Through the Looking Glass Children's Book Reviews

A Creature was Stirring: One Boy’s Night Before Christmas

A Creature was Stirring: One Boy’s Night Before Christmas

Clement C. Moore , Carter Goodrich
Illustrator:   Carter Goodrich 
Picture Book
For ages 4 to 8
Simon and Schuster, 2006   ISBN: 978-0689863998

Most of us have heard the lines "Twas the night before Christmas, when all through the house / not a creature was stirring not even a mouse." Well in this house on Christmas Eve, something quite a bit bigger than a mouse is stirring - a little boy is up and about though he knows he should be fast asleep in his bed. He knows being awake at this time is a "naughty mistake" in Santa's eyes but he just cannot seem to fall asleep. He wishes he could be like the children in the poem who were "nestled all snug in their beds." Instead here he is worrying about what Santa is going to think of him for breaking one of the Christmas Eve rules.

Then the little boy hears something. At first he tries to pretend that he is asleep but then he decides to look "to be sure that he's real." What he sees astonishes him for the sight is just like the description in the poem. Then, after Santa has disappeared down the chimney, the little boy takes a closer look at the sleigh and he realizes that something is not quite right for Santa has forgotten to put his "sleigh parking brake" on. Now what should the little boy do?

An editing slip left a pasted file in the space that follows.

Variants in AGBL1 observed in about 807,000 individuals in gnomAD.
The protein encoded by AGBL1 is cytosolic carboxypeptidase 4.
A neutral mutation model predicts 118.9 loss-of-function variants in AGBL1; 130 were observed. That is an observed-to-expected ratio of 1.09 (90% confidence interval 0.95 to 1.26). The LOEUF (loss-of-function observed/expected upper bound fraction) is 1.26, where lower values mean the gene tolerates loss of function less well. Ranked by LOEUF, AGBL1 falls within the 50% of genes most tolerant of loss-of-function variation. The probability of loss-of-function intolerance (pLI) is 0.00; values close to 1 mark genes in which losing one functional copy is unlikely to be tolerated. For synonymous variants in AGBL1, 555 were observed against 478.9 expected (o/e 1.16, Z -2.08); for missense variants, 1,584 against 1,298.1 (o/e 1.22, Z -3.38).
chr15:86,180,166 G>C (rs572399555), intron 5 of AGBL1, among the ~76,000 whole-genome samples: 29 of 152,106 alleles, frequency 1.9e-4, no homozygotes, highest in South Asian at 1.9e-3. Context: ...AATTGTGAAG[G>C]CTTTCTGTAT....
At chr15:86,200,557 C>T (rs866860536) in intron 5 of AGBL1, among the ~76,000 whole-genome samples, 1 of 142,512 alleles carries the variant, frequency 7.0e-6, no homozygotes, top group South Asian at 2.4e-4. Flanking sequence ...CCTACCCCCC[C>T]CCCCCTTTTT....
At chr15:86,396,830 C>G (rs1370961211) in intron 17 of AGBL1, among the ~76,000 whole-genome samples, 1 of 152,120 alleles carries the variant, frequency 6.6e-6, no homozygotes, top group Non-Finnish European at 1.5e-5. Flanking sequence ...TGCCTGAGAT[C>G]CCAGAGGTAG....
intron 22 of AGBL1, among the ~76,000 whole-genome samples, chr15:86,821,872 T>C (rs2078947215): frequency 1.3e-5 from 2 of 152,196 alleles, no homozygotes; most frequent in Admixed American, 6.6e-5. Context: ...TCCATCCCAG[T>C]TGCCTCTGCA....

In this beautifully illustrated picture book Carter Goodrich introduces us to a little boy who has his own special Christmas Eve adventure. Goodrich places Clement C. Moore's famous poem on one page and then a humorous poem written in the voice of the little boy on the adjacent page. The boy clearly knows the Moore poem and refers to it. Thus we see scenes from Moore's poem on one page and opposite we see scenes from the little boy's poem. Atmospheric illustrations rich with subtle shades of green and blue and purple perfectly capture the magic of this special evening and readers will be delighted to see that, in the end, the two poems converge on one double page spread as both Santa and the little boy wish each other, and us, "Happy Christmas to all, and to all a good night."